In James 3, we are given metaphors for what our “tongue” (or the words we
say) is like. James says our words have inherent power, and that power can
be used either for good or evil.
He explains the power of the tongue with two analogies: the bridle of a
horse (verse 3) and the rudder of a ship (verse 4). Have you ever ridden a
horse? Horses are large, powerful creatures, but they
can be turned this way and that by a small bridle. In the same way, large
ships made of wood are driven by powerful winds at sea, but a single pilot
can control a ship by turning a thin rudder.
The bridle and the rudder are comparatively small, yet they possess great
power. In the same way, the tongue is one of the smallest parts of the
body, yet it packs enormous power.
The tongues of Adolf Hitler and Winston Churchill during World War II
illustrate the inherent power of the tongue. On the one hand, Hitler’s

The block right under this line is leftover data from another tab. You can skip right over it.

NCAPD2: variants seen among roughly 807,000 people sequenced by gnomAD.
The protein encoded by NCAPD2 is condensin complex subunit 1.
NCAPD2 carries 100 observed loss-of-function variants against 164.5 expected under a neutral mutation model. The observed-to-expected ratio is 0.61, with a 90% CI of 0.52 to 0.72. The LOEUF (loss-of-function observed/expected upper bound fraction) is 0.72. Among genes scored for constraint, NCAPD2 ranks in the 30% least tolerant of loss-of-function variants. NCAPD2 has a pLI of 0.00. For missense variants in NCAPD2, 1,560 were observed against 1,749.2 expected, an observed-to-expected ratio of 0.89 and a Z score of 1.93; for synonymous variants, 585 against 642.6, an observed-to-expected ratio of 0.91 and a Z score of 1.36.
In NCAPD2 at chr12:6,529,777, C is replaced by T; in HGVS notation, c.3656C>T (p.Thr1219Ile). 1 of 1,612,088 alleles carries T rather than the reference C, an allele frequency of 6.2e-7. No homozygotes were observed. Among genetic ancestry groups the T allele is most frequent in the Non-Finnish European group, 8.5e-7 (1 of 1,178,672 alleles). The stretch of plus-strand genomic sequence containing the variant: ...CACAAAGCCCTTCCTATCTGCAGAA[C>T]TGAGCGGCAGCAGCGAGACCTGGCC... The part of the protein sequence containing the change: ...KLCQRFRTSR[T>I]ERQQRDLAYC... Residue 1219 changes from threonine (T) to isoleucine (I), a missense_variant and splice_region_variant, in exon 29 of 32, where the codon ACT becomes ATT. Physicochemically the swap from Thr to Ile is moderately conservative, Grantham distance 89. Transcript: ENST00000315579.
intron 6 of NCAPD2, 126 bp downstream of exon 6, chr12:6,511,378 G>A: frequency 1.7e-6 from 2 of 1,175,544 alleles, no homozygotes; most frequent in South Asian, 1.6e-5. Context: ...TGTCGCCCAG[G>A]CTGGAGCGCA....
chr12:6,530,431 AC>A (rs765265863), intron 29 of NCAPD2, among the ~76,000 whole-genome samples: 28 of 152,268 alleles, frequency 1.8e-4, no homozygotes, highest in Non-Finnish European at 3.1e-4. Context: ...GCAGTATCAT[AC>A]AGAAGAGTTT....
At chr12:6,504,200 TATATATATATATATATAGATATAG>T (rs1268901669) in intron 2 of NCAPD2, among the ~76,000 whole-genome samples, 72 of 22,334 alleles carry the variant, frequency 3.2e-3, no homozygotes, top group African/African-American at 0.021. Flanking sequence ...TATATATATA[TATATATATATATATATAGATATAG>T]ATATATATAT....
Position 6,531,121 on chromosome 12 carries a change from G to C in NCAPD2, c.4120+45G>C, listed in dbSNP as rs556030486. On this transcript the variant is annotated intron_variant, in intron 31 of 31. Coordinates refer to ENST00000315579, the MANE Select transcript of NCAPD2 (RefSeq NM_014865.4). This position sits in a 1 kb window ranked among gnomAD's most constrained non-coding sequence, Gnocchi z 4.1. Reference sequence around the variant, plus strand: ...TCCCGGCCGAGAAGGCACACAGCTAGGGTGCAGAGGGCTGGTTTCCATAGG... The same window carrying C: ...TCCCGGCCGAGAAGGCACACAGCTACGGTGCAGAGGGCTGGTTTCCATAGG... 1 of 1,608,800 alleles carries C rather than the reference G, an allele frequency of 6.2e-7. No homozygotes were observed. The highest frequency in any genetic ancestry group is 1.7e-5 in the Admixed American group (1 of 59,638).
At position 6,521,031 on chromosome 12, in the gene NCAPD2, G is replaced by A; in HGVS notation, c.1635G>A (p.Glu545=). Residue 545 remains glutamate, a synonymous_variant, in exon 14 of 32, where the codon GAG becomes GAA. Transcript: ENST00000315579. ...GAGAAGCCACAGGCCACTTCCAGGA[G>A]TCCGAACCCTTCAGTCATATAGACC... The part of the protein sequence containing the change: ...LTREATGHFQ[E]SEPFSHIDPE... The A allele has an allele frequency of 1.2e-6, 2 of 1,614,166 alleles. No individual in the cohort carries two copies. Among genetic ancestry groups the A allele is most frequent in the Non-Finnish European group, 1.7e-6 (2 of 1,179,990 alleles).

passionate, angry speeches appealed to the worst in people, stoking the
fires of resentment until they flared up into war and genocide. On the
other hand, Churchill spoke boldly over the radio to the people of England,
uniting them to resist Hitler and work together for the good of their
neighbors. The tongue is a small, simple thing, but its inherent power is
capable of much. We must be wise in how we use it. Jacob Bier
How can we be wise in how we use our words? Jesus said, What you say
flows from what is in your heart (Luke 6:45). Without Jesus, all of our
hearts are corrupt, but if we’ve put our trust in Jesus, believing He died
and rose again, His Holy Spirit begins to transform our hearts to be more
and more like His. As we rely on His love for us, we can use our tongues
for good (John 15:1-17; 1 John 4:14-16).
Throughout the Bible, God commands His people to pursue justice for the
oppressed and to love our neighbors. What are some practical ways we can do
this through our speech?
The tongue can bring death or life. Proverbs 18:21a (NLT)